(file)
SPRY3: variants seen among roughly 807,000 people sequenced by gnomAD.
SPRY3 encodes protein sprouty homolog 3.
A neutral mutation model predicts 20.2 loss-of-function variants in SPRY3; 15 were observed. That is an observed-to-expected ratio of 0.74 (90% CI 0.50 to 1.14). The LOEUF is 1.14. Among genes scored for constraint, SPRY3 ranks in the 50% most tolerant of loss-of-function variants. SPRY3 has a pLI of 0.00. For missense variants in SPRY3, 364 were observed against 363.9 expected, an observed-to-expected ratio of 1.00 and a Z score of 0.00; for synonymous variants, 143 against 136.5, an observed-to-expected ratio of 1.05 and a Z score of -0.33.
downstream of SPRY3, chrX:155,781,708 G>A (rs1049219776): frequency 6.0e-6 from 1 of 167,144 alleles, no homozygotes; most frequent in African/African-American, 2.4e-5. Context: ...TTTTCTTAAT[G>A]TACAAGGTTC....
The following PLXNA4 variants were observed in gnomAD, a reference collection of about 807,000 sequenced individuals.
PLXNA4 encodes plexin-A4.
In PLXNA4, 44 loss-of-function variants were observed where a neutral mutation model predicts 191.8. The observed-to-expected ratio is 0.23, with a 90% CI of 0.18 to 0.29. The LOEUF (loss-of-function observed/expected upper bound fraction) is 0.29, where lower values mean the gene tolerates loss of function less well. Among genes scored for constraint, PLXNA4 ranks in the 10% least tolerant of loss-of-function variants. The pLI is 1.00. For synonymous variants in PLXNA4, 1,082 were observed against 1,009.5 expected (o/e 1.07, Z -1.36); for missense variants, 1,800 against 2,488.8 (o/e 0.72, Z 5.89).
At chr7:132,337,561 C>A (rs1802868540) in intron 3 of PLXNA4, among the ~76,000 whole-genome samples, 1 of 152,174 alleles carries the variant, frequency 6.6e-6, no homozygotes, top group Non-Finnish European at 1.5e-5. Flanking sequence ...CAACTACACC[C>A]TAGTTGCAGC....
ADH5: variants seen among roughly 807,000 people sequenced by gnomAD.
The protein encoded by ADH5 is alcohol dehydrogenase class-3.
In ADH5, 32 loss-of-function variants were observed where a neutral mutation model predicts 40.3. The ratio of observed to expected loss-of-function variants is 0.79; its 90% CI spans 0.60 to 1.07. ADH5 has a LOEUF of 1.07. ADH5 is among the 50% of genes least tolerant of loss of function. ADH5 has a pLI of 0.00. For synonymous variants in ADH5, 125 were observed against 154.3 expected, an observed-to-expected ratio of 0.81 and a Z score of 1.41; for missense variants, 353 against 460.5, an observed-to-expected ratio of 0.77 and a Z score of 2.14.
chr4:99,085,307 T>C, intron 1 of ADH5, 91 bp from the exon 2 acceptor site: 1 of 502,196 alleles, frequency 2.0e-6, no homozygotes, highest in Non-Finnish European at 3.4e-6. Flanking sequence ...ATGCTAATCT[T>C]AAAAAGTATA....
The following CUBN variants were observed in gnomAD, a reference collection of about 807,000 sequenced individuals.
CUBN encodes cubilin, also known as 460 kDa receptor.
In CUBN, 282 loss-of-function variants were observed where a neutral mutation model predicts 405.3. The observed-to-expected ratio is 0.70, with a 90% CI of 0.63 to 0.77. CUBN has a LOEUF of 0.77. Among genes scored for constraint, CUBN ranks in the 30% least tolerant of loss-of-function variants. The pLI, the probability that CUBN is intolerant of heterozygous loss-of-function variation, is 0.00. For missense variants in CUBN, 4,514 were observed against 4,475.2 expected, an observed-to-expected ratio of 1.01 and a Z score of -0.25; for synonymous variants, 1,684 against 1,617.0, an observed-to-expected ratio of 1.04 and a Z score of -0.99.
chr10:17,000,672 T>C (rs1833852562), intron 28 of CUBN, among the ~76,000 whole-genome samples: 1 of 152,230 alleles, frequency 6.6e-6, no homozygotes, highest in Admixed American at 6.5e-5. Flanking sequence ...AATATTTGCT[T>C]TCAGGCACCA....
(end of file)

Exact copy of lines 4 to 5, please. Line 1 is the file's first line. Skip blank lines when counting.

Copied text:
downstream of SPRY3, chrX:155,781,708 G>A (rs1049219776): frequency 6.0e-6 from 1 of 167,144 alleles, no homozygotes; most frequent in African/African-American, 2.4e-5. Context: ...TTTTCTTAAT[G>A]TACAAGGTTC....
The following PLXNA4 variants were observed in gnomAD, a reference collection of about 807,000 sequenced individuals.